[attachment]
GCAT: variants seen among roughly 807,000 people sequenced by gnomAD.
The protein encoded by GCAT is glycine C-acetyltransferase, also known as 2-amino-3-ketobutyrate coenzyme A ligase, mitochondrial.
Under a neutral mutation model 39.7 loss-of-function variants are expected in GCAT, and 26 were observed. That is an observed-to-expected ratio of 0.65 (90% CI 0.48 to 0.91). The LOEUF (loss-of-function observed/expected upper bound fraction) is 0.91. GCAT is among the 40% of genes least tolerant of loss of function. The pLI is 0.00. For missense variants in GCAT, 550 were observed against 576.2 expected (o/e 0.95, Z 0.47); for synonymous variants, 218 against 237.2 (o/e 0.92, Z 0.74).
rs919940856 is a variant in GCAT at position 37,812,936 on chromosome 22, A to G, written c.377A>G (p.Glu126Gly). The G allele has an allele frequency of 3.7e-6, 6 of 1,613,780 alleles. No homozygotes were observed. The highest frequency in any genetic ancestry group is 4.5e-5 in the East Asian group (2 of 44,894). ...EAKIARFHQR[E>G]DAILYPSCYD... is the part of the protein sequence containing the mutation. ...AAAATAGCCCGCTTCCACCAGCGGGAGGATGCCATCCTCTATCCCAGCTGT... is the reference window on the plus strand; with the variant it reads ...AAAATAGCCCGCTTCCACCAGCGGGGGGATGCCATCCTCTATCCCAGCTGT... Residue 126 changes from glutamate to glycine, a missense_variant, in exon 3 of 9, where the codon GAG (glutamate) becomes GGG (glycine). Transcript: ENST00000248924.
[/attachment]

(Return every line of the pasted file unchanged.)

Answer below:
GCAT: variants seen among roughly 807,000 people sequenced by gnomAD.
The protein encoded by GCAT is glycine C-acetyltransferase, also known as 2-amino-3-ketobutyrate coenzyme A ligase, mitochondrial.
Under a neutral mutation model 39.7 loss-of-function variants are expected in GCAT, and 26 were observed. That is an observed-to-expected ratio of 0.65 (90% CI 0.48 to 0.91). The LOEUF (loss-of-function observed/expected upper bound fraction) is 0.91. GCAT is among the 40% of genes least tolerant of loss of function. The pLI is 0.00. For missense variants in GCAT, 550 were observed against 576.2 expected (o/e 0.95, Z 0.47); for synonymous variants, 218 against 237.2 (o/e 0.92, Z 0.74).
rs919940856 is a variant in GCAT at position 37,812,936 on chromosome 22, A to G, written c.377A>G (p.Glu126Gly). The G allele has an allele frequency of 3.7e-6, 6 of 1,613,780 alleles. No homozygotes were observed. The highest frequency in any genetic ancestry group is 4.5e-5 in the East Asian group (2 of 44,894). ...EAKIARFHQR[E>G]DAILYPSCYD... is the part of the protein sequence containing the mutation. ...AAAATAGCCCGCTTCCACCAGCGGGAGGATGCCATCCTCTATCCCAGCTGT... is the reference window on the plus strand; with the variant it reads ...AAAATAGCCCGCTTCCACCAGCGGGGGGATGCCATCCTCTATCCCAGCTGT... Residue 126 changes from glutamate to glycine, a missense_variant, in exon 3 of 9, where the codon GAG (glutamate) becomes GGG (glycine). Transcript: ENST00000248924.